Great Content Meets 2 Criteria: Does Yours?

Great Content Meets 2 Criteria: Does Yours? image great content LOLcats wikipediaGreat Content Meets 2 Criteria: Does Yours?A few weeks ago, I had the pleasure of hearing Sonia Simone speak at a conference. She stood up, and with her quiet voice, she shared the secret to great content. It goes like this:

“Great content meets two criteria: It’s useful and it’s interesting.”

Simple, yet profound. Sonia also gave us a few examples to illustrate her point. Notice how each has an advantage and disadvantage for building traffic:

  • LOLcats: Good for social media; bad for SEO. Interesting, useless content might be entertaining, but it won’t build credibility. People love to share cat pictures, but kittens don’t usually rank high.
  • Wikipedia: Good for SEO; bad for social media. Useful, boring content may be informative, but it won’t keep your readers’ attention. Search engines love informative content, but when’s the last time you tweeted a Wikipedia page?

Great content both informs and entertains. It’s shareable and ranks well.

Excitement, expectations, and the Kano Model

The importance of interest and usefulness goes far beyond content. Ever heard of the Kano Model? It’s a usability tool used to connect requirements to customer satisfaction. It’s typically applied to products, business models, and websites, but we can also apply it to content marketing efforts.

Great Content Meets 2 Criteria: Does Yours? image great content useful delightful chartGreat Content Meets 2 Criteria: Does Yours?

The Kano Model, depicted in the chart above, shows us that some features meet basic expectations (usefulness) and others generate excitement (interest). This is what Sonia was talking about. The effort we put into our content pushes us over to the right side of the chart. But some features of our content are there just to meet readers’ expectations (the lower curved line), while other features of our content add excitement, delighting our readers (the upper curved line). We can use this model to evaluate the value of our content, and improve it:

Interest: How to delight your readers

At best, your writing is inspired. This means that, at the very least, it’s original and written in your own voice. If you enjoyed writing it, your audience will likely enjoy reading it. But if you find it’s lacking in the “wow” factor, try adding one or more of these excitement generators:

  • Unique perspective
  • Strong opinions and/or emotions
  • Humor/kittens
  • Storytelling
  • Compelling visuals/video
  • Unexpected connections

A brief note about unexpected connections: Connecting the message to a theme can make a dry topic gush with flavor. Not only does the use of a thematic metaphor help content to be understood more easily, it makes it easier to create, as well.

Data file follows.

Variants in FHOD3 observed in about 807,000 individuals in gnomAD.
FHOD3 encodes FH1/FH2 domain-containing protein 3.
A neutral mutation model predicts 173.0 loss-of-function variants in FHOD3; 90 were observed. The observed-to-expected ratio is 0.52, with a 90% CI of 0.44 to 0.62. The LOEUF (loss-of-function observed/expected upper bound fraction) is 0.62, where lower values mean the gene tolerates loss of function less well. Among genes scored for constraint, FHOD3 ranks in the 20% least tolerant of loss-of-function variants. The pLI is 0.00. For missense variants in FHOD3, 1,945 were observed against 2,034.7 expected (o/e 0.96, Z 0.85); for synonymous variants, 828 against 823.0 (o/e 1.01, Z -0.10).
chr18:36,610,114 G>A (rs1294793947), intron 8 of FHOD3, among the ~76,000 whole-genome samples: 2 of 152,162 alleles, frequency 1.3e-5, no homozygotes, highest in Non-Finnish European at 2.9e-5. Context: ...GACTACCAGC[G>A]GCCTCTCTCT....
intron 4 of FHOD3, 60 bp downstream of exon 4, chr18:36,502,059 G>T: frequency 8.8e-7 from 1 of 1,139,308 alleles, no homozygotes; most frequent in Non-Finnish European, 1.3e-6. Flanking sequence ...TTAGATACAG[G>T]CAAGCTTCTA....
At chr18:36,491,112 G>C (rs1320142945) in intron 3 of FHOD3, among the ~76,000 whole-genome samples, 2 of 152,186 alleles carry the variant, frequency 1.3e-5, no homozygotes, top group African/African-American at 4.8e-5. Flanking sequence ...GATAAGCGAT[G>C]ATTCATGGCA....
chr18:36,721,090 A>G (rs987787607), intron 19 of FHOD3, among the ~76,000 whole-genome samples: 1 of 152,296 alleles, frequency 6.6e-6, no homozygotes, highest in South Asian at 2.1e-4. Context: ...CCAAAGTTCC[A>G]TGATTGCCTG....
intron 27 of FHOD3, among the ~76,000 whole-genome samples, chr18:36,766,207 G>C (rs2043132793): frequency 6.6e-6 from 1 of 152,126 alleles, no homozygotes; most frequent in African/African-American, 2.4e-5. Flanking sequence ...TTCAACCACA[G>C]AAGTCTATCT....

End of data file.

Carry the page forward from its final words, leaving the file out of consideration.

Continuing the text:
Example: Take Nick Haas’ blog post, Web Design Techniques: Jean Claude Van Damme‘s School for Web Designers.” Nick’s topic meets our site visitors’ expectations for information (web design techniques), but it’s the theme he used that our readers took delight in: an unexpected connection to the martial arts film star, Jean Claude Van Damme.

That theme also unlocked a source of motivation for Nick, as a content creator: “The article became much easier to write when I connected web design with something that I loved — ’80s martial arts actors/films. It was an instant jolt of inspiration.”

Utility: How to meet your readers’ expectations

When it’s at its best, utility-focused writing gives readers clear instructions for solving an important problem. At a minimum, it’s focused on the reader (rather than on your business), and it helps them address their challenges by providing practical advice. The “utility” of the article is its practical value; it’s the answer to readers’ ever-present question: “What’s in it for me?” To create great content, make sure you meet your audience’s basic expectations — starting with addressing three key considerations:

  • Relevance: Does the post answer a question your audience frequently asks?
  • Accuracy: Is the information in the article correct? Is it spell-checked? Are references cited?
  • Evidence: Does the article support its own assertions with evidence? Quotes, statistics and examples address this.

A brief note about length: Always try to use short words, sentences, and paragraphs in your content, but you don’t necessarily have to limit yourself to writing short posts. Each post should be as long as it needs to be in order to convey your message (and not a word longer).

So that’s the secret to creating great content: Help your readers in delightful and useful ways (thanks Sonia!). If your content at least accomplishes these two goals, it will be more likely to be read, be shared, rank well, get commented on, and inspire customer action.

For more secrets to better content marketing, join the CMI team at Content Marketing World 2013, September 9–11 in Cleveland, Ohio.

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